Spark of the Spirit
Spark of the Spirit is a favorite among many fellow members of the Christian group to which I belonged in college. I wrote the first verse in January 1991, but I didn't complete the rest of the song until much later as I flew home for summer vacation one summer. I wrote the lyrics on one of those vomit-disposal bags in the airline seat pocket.
At this time in my life, I had realized that I was always so caught up in worrying about what other people think about me, and about pleasing them instead of pleasing God. Paul puts it very well—“Am I now trying to win the approval of men, or of God? Or am I trying to please men? If I were still trying to please men, I would not be a servant of Christ.” —Galatians 1:10
The song is an affirmation of giving God my all… including having these gay feelings, which the Church was telling me was "an abomination" and was "evil".
Was I evil to feel this way? It's no surprise why so many youth commit suicide. You're bombarded with such intolerant messaging. It leads to a self-fulfilling prophecy. My own attempt would come later…
But in the meantime, this song kept me focused on living and maintain a spark of life within me.
I especially value the truth in the second verse, / He doesn't ask for a part of you / He asks for oh, everything /. It was in January 1991 that God clearly asked for my life, my hopes & dreams, my sexuality, my passions, and my heart—ALL of me. After all, we are called to live as “Radicals with a Mission”—and indeed, it is radical to give everything to God. But no one ever regrets living fully for God. Never a regret .
“He is no fool who gives what he cannot keep to gain what he cannot lose.” —Jim Elliot
Cross the River
Creatively, I wanted to convey the sense of a man struggling to move ahead in life, questioning his faith, juxtaposed with God in the background calling him to move ahead. While the title song Where the Road Divides is about decision, Cross the River song is about being in so much pain, that one doesn't even notice God calling him forward toward the future.
One of the more paradoxical aspects of faith is that God seems to be distant and silent when you need him most. When a person is suffering and in pain, where is God? Where is He? Does He care?? How does one make sense of that?
I hoped to capture this angst by compositing two melody lines on top of each other—disparate throughout until the end, holding to a future hope when it will make sense one day.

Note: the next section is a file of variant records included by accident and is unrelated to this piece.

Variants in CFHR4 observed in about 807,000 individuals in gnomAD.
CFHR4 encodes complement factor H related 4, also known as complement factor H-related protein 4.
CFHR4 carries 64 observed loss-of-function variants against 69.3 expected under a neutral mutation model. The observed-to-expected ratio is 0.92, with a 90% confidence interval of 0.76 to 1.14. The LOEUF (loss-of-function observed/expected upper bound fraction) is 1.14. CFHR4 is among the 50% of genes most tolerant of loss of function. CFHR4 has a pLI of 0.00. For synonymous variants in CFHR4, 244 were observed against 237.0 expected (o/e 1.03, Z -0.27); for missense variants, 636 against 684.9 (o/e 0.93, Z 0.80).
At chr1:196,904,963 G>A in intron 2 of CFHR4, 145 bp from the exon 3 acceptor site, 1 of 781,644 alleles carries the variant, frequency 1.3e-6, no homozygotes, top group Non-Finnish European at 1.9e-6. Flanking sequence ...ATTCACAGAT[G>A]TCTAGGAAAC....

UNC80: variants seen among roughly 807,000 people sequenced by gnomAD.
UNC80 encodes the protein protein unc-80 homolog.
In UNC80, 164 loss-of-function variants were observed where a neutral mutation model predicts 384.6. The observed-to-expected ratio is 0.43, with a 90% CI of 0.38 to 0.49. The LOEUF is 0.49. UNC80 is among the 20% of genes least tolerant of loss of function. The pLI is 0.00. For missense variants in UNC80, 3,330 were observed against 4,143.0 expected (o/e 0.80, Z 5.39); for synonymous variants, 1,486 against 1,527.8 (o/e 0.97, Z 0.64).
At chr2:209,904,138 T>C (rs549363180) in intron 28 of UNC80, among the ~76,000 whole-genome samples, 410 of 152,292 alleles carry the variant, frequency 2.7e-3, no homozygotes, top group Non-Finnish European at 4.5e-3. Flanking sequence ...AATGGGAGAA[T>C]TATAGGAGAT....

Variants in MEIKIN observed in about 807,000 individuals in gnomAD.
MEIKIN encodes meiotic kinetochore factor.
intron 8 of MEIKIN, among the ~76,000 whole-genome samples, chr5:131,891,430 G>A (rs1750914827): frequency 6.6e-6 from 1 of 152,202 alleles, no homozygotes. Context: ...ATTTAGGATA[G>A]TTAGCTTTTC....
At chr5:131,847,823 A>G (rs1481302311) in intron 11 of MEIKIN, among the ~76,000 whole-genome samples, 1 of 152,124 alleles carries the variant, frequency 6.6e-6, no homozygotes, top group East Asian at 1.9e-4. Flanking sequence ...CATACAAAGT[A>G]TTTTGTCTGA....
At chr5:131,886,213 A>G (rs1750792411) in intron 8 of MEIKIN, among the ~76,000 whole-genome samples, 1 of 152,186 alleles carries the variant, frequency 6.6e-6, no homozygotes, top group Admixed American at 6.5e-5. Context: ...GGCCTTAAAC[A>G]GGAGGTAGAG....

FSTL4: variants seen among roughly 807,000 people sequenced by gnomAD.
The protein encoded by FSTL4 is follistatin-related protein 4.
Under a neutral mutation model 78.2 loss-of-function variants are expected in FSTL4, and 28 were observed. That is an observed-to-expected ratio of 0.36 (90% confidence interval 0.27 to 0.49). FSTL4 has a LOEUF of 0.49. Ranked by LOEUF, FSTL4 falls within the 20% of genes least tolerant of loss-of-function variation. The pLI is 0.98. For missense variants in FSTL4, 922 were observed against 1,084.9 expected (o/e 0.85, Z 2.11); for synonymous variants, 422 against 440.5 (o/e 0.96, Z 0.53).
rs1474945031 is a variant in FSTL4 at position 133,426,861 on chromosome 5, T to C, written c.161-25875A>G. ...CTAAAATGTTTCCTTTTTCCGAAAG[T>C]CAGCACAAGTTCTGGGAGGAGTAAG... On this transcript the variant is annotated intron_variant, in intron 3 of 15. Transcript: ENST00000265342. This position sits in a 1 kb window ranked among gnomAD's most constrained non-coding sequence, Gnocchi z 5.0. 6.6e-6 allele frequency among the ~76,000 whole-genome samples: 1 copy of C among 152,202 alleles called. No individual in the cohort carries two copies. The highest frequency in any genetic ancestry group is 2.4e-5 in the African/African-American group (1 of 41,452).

Just as the Hebrews eventually crossed the Jordan River into the Promised Land, the journey with God requires trust and faith.
All I Hear
“The he called the crowd to him along with his disciples and said: “If anyone would come after me, he must deny himself and take up his cross and follow me. For whoever wants to save his life will lose it, but whoever loses his life for me and for the gospel will save it." —Mark 8:34-35
I wanted to write a song that reflected the idea of following Jesus. “Not for me, but for Jesus”—a Christian’s life motto.
All I Hear was born in September 1991, right before my sophomore year in college. I thought I'd try something different. This is one of my favorites as it's fun and outside the style of my other songs.
This song was actually inspired by Keith Green, a contemporary Christian artist who tragically died in an airplane accident. Keith was very much into evangelism and using his music to share the Good News of Jesus Christ. I thought I'd take a stab at it. He was a musical genius and his life story as told by his widow Melody Green in the book No Compromise changed my life.
Rise and Win
This was the first song I have ever written.
I began Rise and Win during the summer of 1990 and finished it in December. During Christmas vacation, I had borrowed a friend's Ensoniq synthesizer/sequencer and composed the background music for it. Awesome fun! It took me a whole month, sitting there 'til the wee-hours of the morning in a freezing Illinois basement! I remember being so excited about this one because it was my first completed song with both music and lyrics.
Eventually, the “world premiere” of this piece was performed for the talent portion of the “1991 Mr. Lothian Contest” at Lothian Residence Hall in February. I entered the contest specifically to be able to share the message of love through music. The song was actually written with this in mind.